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Frank Gehry’s Furniture #Frank Gehry

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Architect Frank Gehry, awarded the Pritzker Prize in 1989, is mostly known because of his large buildings with twisted shapes and titanium cladding, such as the Guggenheim Museum in Bilbao or the Walt Disney Concert Hall in Los Angeles.

However, Gehry positioned himself in the world of avant-garde architecture in 1978 with the refurbishment of a small detached house in the suburbs of Los Angeles. There he used common, every-day materials such as wire mesh or plywood boards. This ongoing, unfinished, unstable house became a banner of the “Deconstuctivist Architecture” when it was included in the homonymous MoMA exhibition in 1988.

Gehry’s taste for cheap, refused materials and for immediacy was also present in the furniture series Easy Edges, made in the early 70’s gluing together sheets of corrugated cardboard from packaging boxes, cut in a sinuous shape. In the late 70`s he used again the same material for the Experimental Edges series, where the accurate and well-defined silhouettes of the former series were changed for softer shapes and rougher textures.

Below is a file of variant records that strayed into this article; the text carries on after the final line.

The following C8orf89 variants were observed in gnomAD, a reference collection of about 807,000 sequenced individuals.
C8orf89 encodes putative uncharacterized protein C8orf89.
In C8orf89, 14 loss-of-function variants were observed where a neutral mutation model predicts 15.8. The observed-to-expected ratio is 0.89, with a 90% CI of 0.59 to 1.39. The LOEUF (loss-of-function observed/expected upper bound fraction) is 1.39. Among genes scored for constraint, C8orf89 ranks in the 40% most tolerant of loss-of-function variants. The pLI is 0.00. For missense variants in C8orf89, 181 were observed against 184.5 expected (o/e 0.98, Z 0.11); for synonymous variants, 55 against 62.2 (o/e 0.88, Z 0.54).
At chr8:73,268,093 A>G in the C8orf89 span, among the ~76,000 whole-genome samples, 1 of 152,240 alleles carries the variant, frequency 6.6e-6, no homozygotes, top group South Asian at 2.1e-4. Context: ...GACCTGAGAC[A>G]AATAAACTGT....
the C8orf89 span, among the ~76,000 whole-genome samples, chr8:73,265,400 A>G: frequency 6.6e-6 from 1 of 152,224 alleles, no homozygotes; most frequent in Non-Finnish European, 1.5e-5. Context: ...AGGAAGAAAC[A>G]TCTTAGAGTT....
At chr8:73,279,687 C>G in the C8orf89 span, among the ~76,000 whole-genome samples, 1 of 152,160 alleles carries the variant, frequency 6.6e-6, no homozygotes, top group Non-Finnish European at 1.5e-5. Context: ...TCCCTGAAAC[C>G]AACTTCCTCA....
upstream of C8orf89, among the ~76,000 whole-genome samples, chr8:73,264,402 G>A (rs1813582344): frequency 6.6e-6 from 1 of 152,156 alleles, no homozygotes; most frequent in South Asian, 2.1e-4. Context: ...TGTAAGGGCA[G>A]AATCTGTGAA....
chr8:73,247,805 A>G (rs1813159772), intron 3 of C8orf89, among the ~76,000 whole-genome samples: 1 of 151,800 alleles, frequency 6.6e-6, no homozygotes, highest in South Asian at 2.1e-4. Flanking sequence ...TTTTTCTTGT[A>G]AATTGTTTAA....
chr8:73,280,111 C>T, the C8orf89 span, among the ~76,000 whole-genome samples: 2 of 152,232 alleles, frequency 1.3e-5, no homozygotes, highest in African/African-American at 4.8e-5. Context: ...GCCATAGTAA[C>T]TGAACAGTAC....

Designing a new chair is Talmudic, complex question; it is not just four legs and a seat. Frank Gehry, “Up Everest in a Wolkswagen”, Design Quarterly 155, spring 1992

The “ready-made” concept behind this furniture give way to a revision of crafts, particularly basket weaving, also adhered to the immediacy between process and result that is one of Gehry’s main feature. In 1992 he presented a series of furniture entirely made from interwoven maple wood strips. He achieved by using just one extremely light material the resistance that the structure needs and the flexibility that a comfortable seat needs.